The Three Daughters of Eve: a Modern Woman With a Spiritual Crisis
An Introduction to the Novelist and Her Background
Elif Shafak has proved to be a highly influential author through her controversial novels. She has lived in different areas in the world. Needless to say that she is from Turkish origins. A nation that is diverse and politically conflicted. So this rich background explains her ability to move between different identities and societal roles for her characters. In one of her latest works, The Three Daughters of Eve, she manages to combine opposing standpoints in one novel. She masterfully filled the gap between the secular and the religious, the rich and the poor, the past and the present. She has built a cosmopolitan world in which different characters meet to make a great and relatable story, trying to find the similarities between them regardless of their backgrounds and world views.
The Three Daughters Of Eve tells the story of a Turkish woman, Nazperi Nalbantoğlu, nicknamed Peri, in a dual timeline and place, the present in Istanbul and the 1990s in Oxford. The plot moves fluidly between these two times without disturbing the reader to show Peri’s journey with her spiritual crisis.
Warning: Spoiler Ahead
The Unstable Background that Shaped Peri.
The plot takes place in 2016 on a spring day in Istanbul. Peri is a modern Turkish mother facing a religious crisis. She is on her way to a party, but a disturbing incident almost kills her yet she miraculously survives it. When she makes it to the party, the incident makes her mind wander back to the memories of her past.
Through these memories, we can learn more about her history and the development of her character. Peri was raised in the shadow of a religious mother and a liberal father who are in constant conflict. Her parents symbolize the clash between Istanbul’s mix of modernity and religiosity, liberalism and conservatism, and in their heated interactions, we see the struggle Turkey itself is going through.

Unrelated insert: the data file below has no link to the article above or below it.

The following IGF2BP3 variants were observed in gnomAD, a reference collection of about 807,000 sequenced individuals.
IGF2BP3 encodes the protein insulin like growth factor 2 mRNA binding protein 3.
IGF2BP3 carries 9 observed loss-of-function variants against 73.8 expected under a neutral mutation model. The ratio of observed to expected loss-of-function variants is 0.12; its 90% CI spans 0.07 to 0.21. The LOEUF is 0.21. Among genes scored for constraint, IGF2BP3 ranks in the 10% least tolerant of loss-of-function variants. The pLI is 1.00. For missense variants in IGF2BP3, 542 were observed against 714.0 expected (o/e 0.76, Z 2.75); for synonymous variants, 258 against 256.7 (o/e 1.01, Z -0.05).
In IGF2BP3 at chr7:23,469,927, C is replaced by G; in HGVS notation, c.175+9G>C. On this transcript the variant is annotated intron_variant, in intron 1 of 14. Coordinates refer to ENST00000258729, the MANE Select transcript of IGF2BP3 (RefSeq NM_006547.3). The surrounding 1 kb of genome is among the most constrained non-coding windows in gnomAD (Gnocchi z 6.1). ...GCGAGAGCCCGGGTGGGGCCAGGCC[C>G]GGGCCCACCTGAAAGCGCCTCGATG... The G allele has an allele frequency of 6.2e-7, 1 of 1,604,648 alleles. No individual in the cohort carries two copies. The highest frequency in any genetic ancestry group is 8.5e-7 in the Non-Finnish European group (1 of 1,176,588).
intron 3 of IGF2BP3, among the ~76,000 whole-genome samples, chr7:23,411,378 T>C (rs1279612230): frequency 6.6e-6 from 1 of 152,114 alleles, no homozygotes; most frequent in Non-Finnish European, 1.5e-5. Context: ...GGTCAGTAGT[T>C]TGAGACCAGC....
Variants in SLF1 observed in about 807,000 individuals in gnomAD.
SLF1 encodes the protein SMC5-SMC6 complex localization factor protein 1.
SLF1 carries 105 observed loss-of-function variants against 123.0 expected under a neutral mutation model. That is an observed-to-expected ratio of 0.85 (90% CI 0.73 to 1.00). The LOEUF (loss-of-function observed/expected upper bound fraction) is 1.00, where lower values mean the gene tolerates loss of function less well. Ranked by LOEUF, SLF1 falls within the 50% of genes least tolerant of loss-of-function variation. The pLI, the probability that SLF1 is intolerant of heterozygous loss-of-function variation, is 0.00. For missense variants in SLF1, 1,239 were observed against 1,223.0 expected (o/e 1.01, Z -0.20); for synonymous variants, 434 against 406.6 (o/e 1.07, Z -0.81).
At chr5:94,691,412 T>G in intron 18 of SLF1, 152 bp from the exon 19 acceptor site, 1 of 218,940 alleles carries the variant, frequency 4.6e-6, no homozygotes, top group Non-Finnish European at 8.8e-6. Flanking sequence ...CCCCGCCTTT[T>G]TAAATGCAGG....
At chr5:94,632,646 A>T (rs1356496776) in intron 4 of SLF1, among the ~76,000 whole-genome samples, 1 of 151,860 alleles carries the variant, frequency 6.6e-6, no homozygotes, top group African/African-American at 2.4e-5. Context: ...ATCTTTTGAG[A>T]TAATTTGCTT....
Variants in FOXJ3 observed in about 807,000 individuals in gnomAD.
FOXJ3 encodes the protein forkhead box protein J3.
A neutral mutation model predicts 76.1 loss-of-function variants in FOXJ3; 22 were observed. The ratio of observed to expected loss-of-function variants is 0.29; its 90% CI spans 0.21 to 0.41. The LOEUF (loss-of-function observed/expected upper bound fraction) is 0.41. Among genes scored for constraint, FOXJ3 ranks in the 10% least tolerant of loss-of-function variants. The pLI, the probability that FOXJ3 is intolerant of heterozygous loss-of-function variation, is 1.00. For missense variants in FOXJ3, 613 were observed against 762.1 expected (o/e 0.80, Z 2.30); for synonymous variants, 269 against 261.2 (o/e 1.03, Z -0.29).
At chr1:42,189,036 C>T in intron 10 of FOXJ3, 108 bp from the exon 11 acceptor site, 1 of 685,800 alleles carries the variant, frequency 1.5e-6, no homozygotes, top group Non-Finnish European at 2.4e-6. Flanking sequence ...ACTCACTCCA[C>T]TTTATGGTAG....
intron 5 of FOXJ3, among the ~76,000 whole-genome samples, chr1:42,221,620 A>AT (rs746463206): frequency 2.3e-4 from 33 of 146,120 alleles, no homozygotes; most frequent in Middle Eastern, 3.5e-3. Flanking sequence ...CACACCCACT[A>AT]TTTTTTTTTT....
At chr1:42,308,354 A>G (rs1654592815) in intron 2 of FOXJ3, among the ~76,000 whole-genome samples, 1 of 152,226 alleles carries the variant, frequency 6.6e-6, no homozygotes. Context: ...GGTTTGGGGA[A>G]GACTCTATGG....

The nature of the relation between her parents prevents her from taking a stance about God. So she is always looking for answers. “She had come to believe through some twisted logic of her own that if she were to bring together her mother’s Creator and her father’s Creator, she might be able to restore harmony between her parents,” Shafak writes. We can see how she leans towards her father, though there is still a wide gap to fill.
Oxford: a New Phase with the Same Religious Crisis.
Peri makes it to Oxford after high school, But a scandal prevents her from finishing her higher education after a sequence of events. Oxford itself is a symbol for the quiet Peri longs for, so vastly different than the city she grew up in. “The first thing that struck Peri about Oxford was the silence. That was and would remain for months to come, the one peculiarity she found hard to get used to—the absence of noise. Istanbul was unashamedly boisterous…” Shafak says.
In Oxford, she befriends two girls who are as polarized as her parents were. One who was more of a hedonistic atheist, and another who was a religious Muslim. Again she finds herself stuck between a passionate believer and a passionate non-believer as Peri refers to them. These three daughters from different parts of the world jokingly refer to themselves as “the Sinner, the Believer, the Confused.” Despite their differences, they establish a strong bond. The author tries to show that coexistence between people is possible if they transcend their limited identity and see the ”other” from the lenses of humanity.
Dr. Azur, Could He Be the Solution to Peri’s Dilemma?
These three girls are captivated by a handsome religion teacher, Dr.Azur who imagines that he can create a new conversation about faith that will transcend sectarian conflicts. His confident attitude made it seem like the hero who would help her solve her spiritual crisis. It was natural for him to enchant a naive girl who writes in her journal words like:’’ I would love to change God… Wouldn’t everyone in the world benefit from that?’’
He’s a classic master teacher in the Dead Poets Society mode: mysterious and confident; glazed with intellectuality but essentially narcissistic. With time she starts falling for her teacher and discovers his controversial opinions about God and faith which leads her to other problems later on.
What Is the Aim of The Three Daughters of Eve?
I felt that The Three Daughters of Eve was not meant to give answers to the readers since it does not present a final solution or an answer for the spiritual crisis that Peri, and a lot of Shafak’s readers, may be facing. It seemed to me as a way for the author to express and reflect her conflicted ideas about ”God”, societal differences, and her shattered identity behind the mask of the protagonist.
Shafak also emphasized the importance of ignoring the different social and religious differences when connecting with others to maintain peace. Peri was trying to find her own conceptualization of God that is different from her parents and her friends. That is clear through the countless debates that the characters are involved in. Even her love for Dr. Azur was not in a romantic frame but rather an intellectual attraction. Because of the serenity and the inner peace that he would offer to her chaotic mind and spiritual crisis, which served the plot.
Author: Hibat Errahmane Hadjadj.